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# Exponential and Circular Functions

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## Exponential Function

### Derivative of the Exponential Function

Define

exp ~x _ = _ f ( ~x ) _ = _ sum{fract{~x^~n,~n#!},~n = 0,&infty.}

Given ~a , _ select ~K _ such that _ ~K > | ~a | . _ Then

f ( ~x ) - f ( ~a ) _ = _ sum{fract{~x^~n - ~a^~n,~n#!},~n = 0,&infty.}

Note that

~x^~n - ~a^~n _ = _ ( ~x - ~a ) sum{~x^{~n - 1 - ~i} ~a^~i,~i = 0,~n - 1}

So

f ( ~x ) - f ( ~a ) _ = _ ( ~x - ~a ) sum{fract{1,~n#!} sum{~x^{~n - 1 - ~i} ~a^~i,~i = 0,~n - 1},~n = 0,&infty.}

Now

abs{ fract{1,~n#!} sum{ ~x^{~n - 1 - ~i} ~a^~i ,~i = 0,&infty.}} _ _ =< _ _ ~n fract{~K^{~n-1}, ~n#!} _ = _ fract{~K^{~n-1}, (~n - 1)#!}

( for _ | ~x | =< ~K ). _ So

sum{fract{1,~n#!} rndb{sum{ ~x^{~n - 1 - ~i} ~a^~i ,~i = 0,~n - 1}},~n = 1,&infty.}

is uniformly convergend by Weirstrass' M-test, with _ ~M_~n _ = _ ~K^{~n - 1} / (~n - 1)#!

All terms are polynomials and therefore continuous. So

f '( ~a ) _ = _ sum{fract{1,~n#!} rndb{sum{ ~a^{~n - 1} ,~i = 0,~n - 1}},~n = 1,&infty.}

_ = _ sum{fract{1,(~n-1)#!} ~a^{~n - 1} ,~n = 1,&infty.} _ = _ f ( ~a )

So

 (1) _ _ _ _ _ D exp ~x _ = _ exp ~x (2) _ _ _ _ _ exp 0 _ = _ 1

Consider _ g ( ~x ) _ = _ exp ~x exp ( ~c - ~x ) , _ any ~c &in. &reals. , _ then
_ _ _ _ _ g '( ~x ) _ = _ exp ~x exp ( ~c - ~x ) - exp ~x exp ( ~c - ~x ) _ == _ 0 .

So _ g ( ~x ) _ = _ ~K _ (constant). _ In particular _ g(0) = ~k , _ but _ g(0) _ = _ exp ~c , _ so
_ _ _ _ _ exp ~x exp ( ~c - ~x ) _ = _ exp ~c , _ &forall. ~x .

Therefore for any arbitrary real numbers, ~a, ~b, putting ~c = ~a + ~b, ~x = ~a, _ we have:

 (3) _ _ _ _ _ exp ~a exp ~b _ = _ exp ( ~a + ~b )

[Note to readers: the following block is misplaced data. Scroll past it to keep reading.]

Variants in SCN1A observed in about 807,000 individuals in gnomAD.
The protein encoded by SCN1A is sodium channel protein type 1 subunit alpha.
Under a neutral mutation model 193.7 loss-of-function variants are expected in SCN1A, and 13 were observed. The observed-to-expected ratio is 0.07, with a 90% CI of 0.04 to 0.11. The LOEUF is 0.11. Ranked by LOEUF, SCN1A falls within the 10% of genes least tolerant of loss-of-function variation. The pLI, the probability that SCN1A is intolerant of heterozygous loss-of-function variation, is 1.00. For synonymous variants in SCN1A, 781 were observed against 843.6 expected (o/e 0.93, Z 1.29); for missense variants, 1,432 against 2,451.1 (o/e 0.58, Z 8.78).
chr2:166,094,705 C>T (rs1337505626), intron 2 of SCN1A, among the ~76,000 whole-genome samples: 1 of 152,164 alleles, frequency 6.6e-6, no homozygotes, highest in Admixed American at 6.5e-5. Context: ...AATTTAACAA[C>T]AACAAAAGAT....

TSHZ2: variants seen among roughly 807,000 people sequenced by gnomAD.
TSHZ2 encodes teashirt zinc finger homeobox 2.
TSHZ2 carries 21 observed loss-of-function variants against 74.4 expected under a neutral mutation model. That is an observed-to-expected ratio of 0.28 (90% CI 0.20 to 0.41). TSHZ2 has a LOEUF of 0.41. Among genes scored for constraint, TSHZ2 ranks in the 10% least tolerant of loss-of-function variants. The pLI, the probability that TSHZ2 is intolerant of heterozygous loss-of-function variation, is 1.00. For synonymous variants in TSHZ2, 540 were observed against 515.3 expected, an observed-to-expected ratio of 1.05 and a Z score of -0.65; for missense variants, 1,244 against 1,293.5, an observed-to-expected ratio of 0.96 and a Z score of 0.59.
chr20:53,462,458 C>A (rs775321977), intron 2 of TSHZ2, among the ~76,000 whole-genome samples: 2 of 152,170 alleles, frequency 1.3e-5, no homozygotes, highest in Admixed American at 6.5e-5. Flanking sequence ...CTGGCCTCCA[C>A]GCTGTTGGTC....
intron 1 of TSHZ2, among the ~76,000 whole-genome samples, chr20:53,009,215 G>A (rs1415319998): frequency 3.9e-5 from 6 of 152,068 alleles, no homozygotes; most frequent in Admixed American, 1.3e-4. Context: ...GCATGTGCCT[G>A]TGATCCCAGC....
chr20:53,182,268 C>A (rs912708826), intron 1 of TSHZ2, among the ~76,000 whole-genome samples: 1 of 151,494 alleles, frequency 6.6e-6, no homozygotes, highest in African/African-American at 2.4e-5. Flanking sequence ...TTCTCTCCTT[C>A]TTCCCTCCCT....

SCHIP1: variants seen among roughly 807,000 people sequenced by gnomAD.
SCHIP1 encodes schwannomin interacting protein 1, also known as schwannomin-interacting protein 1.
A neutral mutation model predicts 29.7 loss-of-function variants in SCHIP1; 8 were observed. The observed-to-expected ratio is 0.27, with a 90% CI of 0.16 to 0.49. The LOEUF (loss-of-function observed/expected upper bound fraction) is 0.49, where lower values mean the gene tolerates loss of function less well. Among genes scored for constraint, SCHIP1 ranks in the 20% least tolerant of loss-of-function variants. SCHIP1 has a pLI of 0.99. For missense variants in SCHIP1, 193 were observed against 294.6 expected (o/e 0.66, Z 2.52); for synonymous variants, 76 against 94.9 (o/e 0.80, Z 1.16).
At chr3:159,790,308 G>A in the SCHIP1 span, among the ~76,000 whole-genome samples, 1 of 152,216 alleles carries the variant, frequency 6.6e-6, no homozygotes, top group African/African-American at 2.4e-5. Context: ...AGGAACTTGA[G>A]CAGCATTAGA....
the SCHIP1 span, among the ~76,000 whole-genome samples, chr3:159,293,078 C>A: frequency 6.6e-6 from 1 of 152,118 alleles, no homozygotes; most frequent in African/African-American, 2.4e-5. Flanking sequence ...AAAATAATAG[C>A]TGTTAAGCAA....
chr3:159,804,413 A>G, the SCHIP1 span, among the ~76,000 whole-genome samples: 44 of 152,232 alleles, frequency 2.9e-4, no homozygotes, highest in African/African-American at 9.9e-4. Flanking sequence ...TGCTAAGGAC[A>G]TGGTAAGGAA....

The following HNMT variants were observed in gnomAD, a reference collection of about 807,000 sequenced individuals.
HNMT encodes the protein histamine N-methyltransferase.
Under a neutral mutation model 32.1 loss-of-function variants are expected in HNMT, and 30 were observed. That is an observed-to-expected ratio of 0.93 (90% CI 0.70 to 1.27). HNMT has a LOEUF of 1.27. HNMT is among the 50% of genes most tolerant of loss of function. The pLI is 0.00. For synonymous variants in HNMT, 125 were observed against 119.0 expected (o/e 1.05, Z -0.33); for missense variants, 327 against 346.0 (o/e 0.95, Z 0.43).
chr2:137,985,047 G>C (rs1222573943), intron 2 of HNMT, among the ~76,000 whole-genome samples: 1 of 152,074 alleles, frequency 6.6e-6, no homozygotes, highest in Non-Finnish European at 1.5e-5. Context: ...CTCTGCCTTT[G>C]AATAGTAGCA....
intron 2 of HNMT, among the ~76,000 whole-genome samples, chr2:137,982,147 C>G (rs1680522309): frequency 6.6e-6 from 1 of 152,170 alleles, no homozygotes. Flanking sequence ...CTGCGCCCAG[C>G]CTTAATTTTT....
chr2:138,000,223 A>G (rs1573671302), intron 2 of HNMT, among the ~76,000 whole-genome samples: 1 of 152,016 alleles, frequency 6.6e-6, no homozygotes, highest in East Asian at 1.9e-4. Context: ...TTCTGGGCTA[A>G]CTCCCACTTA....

Let ~e denote the real number _ ~e _ = _ exp 1 . _ then (3) =>

 (4) _ _ _ _ _ exp ~n _ = _ ~e^~n

The exponential function is continuous (from (1)) and (3) =>

 (5) _ _ _ _ _ exp ~x exp -~x _ = _ exp 0 _ = _ 1 (6) _ _ _ _ _ exp -~x _ = _ 1 / exp ~x

this implies that _ exp ~x != 0 , _ for any ~x , _ but exp (0) = 1 , _ so by the intermediate value theorem:

 (7) _ _ _ _ _ exp ~x _ > _ 0 , _ _ &forall. ~x &in. &reals.

(1) => exp ~x is strictly increasing and (4) => _ exp _ not bounded above, so

 (8) _ _ _ _ _ exp ~x _ -> _ &infty. , _ _ as _ ~x _ -> _ &infty. (9) _ _ _ _ _ exp ~x _ -> _ 0 , _ _ as _ ~x _ -> _ -&infty.

[ (9) follows from (6). ]

### Logarithmic Function

We have seen that _ exp ~x _ is a strictly increasing non-zero continuous function, so it has an inverse function. Put

 (10) _ _ _ _ _ ~x = log ~y _ <=> _ ~y = exp ~x , _ _ ~y &in. &reals.^+ (11) _ _ _ _ _ log exp ~x _ = _ ~x , _ _ exp log ~y _ = _ ~y

By inverse function theorem : _ D log ~y _ = _ 1 / D exp ~x _ = _ 1 / exp ~x _ = _ 1 / ~y .

 (12) _ _ _ _ _ D log ~y _ = _ 1 / ~y

~x = log ~p , and ~y = log ~q _ <=> _ ~p = exp ~x , and ~q = exp ~y _ so _ ~p~q = exp ~x exp ~y = exp ( ~x + ~y ) _ by (3), so

 (13) _ _ _ _ _ log ~p~q _ = _ log ~p + log ~q

In particular

 (14) _ _ _ _ _ log ~p^~n _ = _ ~n log ~p , _ _ for ~n &in. &naturals.

So _ ~p^~n _ = _ exp ( ~n log ~p ). _ For any ~a &in. &reals.^+, _ ~b &in. &reals. _ define

 (15) _ _ _ _ _ ~a^~b _ #:= _ exp ( ~b log ~a )

This is consistent with the result for natural numbers, and
~a^{~b + ~c} _ = _ exp ( ( ~b + ~c ) log ~a ) _ = _ exp ( ~b log ~a + ~c log ~a ) _ = _ exp ( ~b log ~a ) exp ( ~c log ~a ) _ = _ ~a^~b ~a^~c